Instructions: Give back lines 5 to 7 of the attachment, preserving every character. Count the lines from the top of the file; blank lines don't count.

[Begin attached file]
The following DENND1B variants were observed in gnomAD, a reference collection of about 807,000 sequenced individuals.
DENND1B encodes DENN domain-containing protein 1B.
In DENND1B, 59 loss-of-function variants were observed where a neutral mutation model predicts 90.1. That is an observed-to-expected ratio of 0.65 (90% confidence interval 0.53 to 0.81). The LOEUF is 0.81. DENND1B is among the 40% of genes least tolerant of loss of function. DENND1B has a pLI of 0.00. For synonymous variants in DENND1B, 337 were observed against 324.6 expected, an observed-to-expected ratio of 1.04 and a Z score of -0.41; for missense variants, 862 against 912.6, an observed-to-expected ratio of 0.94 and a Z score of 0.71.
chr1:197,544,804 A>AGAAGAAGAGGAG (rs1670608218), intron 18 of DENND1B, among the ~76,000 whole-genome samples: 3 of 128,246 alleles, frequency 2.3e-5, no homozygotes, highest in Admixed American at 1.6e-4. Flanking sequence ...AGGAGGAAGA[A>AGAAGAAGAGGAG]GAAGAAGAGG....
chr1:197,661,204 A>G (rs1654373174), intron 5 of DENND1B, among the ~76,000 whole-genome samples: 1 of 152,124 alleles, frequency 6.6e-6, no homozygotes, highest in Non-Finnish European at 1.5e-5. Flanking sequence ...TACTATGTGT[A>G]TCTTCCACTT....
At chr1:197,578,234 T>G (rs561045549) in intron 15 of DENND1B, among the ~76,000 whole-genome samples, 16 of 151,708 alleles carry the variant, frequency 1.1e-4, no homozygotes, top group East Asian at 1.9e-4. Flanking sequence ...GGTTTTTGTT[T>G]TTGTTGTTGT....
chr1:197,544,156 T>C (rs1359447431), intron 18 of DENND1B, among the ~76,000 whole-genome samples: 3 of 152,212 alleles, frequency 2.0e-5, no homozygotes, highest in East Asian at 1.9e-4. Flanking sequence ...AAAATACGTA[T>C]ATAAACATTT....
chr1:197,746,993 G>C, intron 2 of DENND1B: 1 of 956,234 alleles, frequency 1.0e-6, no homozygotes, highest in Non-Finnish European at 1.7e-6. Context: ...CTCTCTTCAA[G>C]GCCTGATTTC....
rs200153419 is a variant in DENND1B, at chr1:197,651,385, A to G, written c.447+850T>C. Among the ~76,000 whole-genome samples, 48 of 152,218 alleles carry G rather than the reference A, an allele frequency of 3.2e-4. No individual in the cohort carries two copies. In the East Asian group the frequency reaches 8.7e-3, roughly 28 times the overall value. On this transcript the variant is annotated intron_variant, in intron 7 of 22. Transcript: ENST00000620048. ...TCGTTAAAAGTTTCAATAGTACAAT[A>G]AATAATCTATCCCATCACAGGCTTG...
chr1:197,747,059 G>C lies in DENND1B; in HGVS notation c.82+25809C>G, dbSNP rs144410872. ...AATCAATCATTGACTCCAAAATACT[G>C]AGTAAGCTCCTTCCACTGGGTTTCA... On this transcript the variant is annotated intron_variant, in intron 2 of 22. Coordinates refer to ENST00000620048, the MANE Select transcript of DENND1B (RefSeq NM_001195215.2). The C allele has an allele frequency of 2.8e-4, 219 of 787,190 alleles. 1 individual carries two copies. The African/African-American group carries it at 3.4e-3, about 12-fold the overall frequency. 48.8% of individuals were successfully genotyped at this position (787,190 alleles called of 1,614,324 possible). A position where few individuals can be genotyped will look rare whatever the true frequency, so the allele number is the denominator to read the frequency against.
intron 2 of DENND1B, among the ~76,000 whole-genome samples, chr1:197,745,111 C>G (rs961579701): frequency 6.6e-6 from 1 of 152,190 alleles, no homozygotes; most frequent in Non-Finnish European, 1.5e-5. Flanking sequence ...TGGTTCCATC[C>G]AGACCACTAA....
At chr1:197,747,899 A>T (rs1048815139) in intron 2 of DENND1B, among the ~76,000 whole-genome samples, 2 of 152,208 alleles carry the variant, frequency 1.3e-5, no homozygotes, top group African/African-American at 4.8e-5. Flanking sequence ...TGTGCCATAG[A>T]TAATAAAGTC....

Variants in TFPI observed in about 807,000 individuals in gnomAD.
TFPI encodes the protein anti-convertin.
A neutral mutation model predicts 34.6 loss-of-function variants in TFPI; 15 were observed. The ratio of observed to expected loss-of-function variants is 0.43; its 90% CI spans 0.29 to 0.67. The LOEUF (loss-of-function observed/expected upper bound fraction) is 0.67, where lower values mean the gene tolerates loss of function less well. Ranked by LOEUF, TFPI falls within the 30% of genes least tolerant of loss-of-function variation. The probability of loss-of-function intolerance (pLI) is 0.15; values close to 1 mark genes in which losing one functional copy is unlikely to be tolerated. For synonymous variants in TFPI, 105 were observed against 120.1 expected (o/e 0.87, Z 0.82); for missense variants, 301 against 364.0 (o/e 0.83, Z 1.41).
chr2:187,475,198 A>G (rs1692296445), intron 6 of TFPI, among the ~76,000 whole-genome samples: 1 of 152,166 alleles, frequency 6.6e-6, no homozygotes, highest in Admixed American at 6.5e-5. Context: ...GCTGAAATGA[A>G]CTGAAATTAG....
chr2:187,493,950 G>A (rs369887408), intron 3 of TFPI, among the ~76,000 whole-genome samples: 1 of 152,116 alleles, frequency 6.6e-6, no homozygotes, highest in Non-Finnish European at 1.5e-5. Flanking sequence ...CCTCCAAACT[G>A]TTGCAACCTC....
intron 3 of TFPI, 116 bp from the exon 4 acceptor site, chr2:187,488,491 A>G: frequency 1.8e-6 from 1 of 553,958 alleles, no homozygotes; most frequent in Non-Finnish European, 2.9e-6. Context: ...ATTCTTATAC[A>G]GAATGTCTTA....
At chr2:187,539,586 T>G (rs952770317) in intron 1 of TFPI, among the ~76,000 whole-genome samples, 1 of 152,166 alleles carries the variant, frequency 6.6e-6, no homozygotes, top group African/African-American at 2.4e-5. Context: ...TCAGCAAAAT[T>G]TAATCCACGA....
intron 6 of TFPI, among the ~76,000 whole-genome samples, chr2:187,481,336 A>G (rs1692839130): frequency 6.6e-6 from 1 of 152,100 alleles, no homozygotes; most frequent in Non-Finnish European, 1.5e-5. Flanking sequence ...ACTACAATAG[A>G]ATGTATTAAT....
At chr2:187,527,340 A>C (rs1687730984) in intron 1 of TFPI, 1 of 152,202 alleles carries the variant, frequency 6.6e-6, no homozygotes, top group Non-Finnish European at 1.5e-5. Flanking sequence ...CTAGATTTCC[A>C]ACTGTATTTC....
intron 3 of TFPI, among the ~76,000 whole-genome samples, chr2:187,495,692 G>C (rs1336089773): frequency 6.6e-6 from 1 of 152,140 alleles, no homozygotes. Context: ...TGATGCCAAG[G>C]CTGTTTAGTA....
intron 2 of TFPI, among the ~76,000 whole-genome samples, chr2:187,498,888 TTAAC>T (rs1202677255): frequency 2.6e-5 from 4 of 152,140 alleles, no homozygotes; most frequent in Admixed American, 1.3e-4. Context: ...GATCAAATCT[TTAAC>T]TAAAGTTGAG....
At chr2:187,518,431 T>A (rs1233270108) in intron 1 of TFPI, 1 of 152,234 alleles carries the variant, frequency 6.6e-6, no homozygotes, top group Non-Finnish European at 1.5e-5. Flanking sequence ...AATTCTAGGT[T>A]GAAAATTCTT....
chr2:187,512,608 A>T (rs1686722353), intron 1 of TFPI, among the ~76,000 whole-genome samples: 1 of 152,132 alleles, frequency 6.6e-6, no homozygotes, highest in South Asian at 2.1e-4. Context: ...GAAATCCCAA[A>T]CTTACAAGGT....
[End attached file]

chr1:197,661,204 A>G (rs1654373174), intron 5 of DENND1B, among the ~76,000 whole-genome samples: 1 of 152,124 alleles, frequency 6.6e-6, no homozygotes, highest in Non-Finnish European at 1.5e-5. Flanking sequence ...TACTATGTGT[A>G]TCTTCCACTT....
At chr1:197,578,234 T>G (rs561045549) in intron 15 of DENND1B, among the ~76,000 whole-genome samples, 16 of 151,708 alleles carry the variant, frequency 1.1e-4, no homozygotes, top group East Asian at 1.9e-4. Flanking sequence ...GGTTTTTGTT[T>G]TTGTTGTTGT....
chr1:197,544,156 T>C (rs1359447431), intron 18 of DENND1B, among the ~76,000 whole-genome samples: 3 of 152,212 alleles, frequency 2.0e-5, no homozygotes, highest in East Asian at 1.9e-4. Flanking sequence ...AAAATACGTA[T>C]ATAAACATTT....